So what are memes? Put simply, they are bits of information copied from person to person through imitation. Memes can be global or local, mundane or profound: the act of wearing earrings, slang, dances, folk stories, etiquette, racism, religion. They can be ideas, behaviours or anything else that can be imitated. They can be ‘good’ or ‘bad’ – there is no defined morality to memes. All memes do is replicate – they will get themselves copied if they can (just like Dawkins’s ‘selfish’ genes).
Some memes are copied through generations for reasons that seem clear: they are useful, either for the individual or for society. Looking both ways before crossing the road, respect for the property of others, saying please and thank you – the longevity and successful propagation of these memes can be put down to the fact that they allow us to live, or live more comfortably.
How, then, does memetic theory explain a person imitating a 2×4?
Memetics has its roots in the idea of ‘universal Darwinism’ – the idea that what most of us know as natural selection determines all design, not just biological. There are three elements to the ‘evolutionary algorithm’ that ensures natural selection takes place: variation, selection and heredity. Creatures vary, most die, and if those that survive pass on the traits that helped them to survive to their offspring, then those offspring are better adapted to survive in the circumstances in which all this took place.
But it’s not only the useful memes that get copied. In ‘The Meme Machine’, Blackmore argues that memes began as soon as humans started imitating each other. Some of what we imitated was useful for survival – hunting, lighting fires – and other things were not – wearing feathers in our hair, painting our faces. Memes compete for our attention and brain space. She goes further to argue that if only the useful genes won, we might have economical, smaller brains; but the memes themselves drove us to have bigger brains, better able to store and pass on more memes. This is why our brains are peculiar: why we like religion, or art, or slapstick comedy.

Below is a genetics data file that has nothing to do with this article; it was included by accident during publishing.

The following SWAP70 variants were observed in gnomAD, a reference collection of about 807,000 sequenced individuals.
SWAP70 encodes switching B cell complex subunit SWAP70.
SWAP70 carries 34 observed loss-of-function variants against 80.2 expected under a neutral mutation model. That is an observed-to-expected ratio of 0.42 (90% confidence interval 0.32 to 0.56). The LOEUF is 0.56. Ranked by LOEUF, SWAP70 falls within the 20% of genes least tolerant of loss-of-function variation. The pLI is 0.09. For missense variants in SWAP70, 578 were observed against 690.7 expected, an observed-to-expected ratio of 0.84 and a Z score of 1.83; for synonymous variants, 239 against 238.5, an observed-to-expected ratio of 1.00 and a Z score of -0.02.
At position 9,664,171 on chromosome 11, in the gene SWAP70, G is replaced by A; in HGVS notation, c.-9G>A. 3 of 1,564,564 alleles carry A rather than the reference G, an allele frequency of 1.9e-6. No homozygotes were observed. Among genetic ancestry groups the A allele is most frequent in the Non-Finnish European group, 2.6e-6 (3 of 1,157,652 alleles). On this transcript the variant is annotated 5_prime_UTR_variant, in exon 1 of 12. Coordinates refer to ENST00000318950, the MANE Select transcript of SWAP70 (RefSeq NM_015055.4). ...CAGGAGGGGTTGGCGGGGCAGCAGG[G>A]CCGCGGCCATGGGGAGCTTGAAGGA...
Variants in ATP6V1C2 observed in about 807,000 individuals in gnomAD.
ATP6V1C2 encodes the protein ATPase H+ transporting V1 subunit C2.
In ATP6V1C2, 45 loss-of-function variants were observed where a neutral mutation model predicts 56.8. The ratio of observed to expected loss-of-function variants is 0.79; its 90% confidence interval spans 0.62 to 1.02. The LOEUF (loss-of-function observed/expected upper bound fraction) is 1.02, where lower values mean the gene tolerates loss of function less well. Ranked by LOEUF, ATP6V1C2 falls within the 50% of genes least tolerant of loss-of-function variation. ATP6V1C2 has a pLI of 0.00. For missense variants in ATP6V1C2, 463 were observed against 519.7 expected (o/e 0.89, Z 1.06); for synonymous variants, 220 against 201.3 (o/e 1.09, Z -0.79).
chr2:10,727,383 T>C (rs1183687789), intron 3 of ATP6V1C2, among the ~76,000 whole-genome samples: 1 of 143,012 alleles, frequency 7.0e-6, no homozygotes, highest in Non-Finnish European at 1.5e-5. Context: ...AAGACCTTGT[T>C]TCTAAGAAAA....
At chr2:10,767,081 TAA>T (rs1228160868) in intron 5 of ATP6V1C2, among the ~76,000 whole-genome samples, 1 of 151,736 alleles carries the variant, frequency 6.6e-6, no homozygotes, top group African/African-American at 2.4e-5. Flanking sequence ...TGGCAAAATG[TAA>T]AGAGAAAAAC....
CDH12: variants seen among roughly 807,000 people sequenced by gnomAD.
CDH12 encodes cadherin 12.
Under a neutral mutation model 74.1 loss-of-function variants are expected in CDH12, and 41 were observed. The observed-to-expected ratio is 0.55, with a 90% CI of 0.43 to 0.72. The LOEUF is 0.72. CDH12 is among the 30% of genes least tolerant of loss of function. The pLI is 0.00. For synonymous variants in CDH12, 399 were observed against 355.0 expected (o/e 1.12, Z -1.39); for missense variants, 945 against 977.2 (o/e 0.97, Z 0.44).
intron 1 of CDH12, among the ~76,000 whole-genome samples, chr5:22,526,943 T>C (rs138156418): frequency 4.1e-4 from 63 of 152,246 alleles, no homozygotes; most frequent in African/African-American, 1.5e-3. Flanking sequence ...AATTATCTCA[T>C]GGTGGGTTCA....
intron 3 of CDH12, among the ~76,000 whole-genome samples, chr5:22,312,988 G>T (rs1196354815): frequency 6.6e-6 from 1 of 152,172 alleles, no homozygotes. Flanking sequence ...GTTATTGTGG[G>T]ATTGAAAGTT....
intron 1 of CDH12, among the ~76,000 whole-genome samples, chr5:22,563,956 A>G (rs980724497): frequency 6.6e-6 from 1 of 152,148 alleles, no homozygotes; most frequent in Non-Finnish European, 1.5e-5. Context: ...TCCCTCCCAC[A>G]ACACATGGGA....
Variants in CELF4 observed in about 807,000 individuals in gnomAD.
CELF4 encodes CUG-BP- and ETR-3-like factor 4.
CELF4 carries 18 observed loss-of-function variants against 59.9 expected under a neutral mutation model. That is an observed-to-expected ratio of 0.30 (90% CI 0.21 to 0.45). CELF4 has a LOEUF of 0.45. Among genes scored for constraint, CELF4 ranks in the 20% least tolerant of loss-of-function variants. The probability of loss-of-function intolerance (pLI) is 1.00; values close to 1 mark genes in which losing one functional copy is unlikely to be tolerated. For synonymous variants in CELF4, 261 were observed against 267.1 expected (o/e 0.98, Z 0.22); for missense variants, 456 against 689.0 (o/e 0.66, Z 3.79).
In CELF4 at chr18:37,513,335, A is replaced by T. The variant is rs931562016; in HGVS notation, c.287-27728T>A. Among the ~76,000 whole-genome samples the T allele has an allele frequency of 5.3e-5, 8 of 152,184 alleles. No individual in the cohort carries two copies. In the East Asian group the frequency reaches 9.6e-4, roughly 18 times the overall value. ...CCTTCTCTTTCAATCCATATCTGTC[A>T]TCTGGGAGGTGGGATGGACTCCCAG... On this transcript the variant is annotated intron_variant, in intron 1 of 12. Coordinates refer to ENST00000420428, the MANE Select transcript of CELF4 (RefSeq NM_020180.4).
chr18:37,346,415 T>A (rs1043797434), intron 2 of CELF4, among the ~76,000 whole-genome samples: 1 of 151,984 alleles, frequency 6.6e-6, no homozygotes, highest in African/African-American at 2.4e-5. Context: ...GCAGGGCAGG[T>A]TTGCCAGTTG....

And there are aspects of planking that make it an ideal candidate for survival. Firstly, planking is simple. The barrier to participation in 2011 is extraordinarily low (the ability to lie down, and access to a camera and the internet), and the instructions are unambiguous and easy to follow. In memetics, this is called ‘copying-fidelity’. Memes spread through imitation, but imitation can itself cause variation through a Chinese whispers effect. For this reason memes can evolve and change over time, often becoming nearly unrecognisable in the process – think of folk stories, or the soldier’s salute that was once the act of a knight raising his helmet-guard to show a friendly colleague his face.
Not only is planking simple, but its instructions are open for anyone to see (on Facebook, if you’re interested). This also makes for high copying-fidelity. If you are given a slice of cake and verbally told what the ingredients are, you may go away and make a similar cake. If you then pass the recipe on, orally among your friends or through the generations, the fiftieth cake will bear little relation to the first. If, however, you are passing around the written recipe, the copies can (theoretically) be exact.
The second necessity for meme survival and propagation is fecundity. This is a product of how ‘sticky’ the meme is, and how many people come into contact with it. As Dawkins puts it: “When you plant a fertile meme in my mind you literally parasitise my brain, turning it into a vehicle for the meme’s propagation in just the way that a virus may parasitise the genetic mechanism of a host cell.”
The internet and the digital age can act as accelerants of meme spread by increasing the speed at which memes are propagated and the sheer number of people they come into contact with. ‘Know Your Meme’ was a video series website that began in December 2007 and aimed to track and record the spread of popular internet memes. The associated Internet Meme Database contains more than 800 entries, including Rickrolling (placing erroneously-named links around the web that led to videos of Rick Astley’s ‘Never Gonna Give You Up’), LOLcats (pictures of cats posted with baby-talk funny captions), FAIL (pictures of dramatically unsuccessful events or people falling short of expectations with the simple caption ‘Fail’) and the ‘Star Wars kid’ (a video clip of a high school student from Quebec pretending to be a Jedi while wielding a golf ball retriever like a lightsaber, which was re-edited to include the necessary special effects).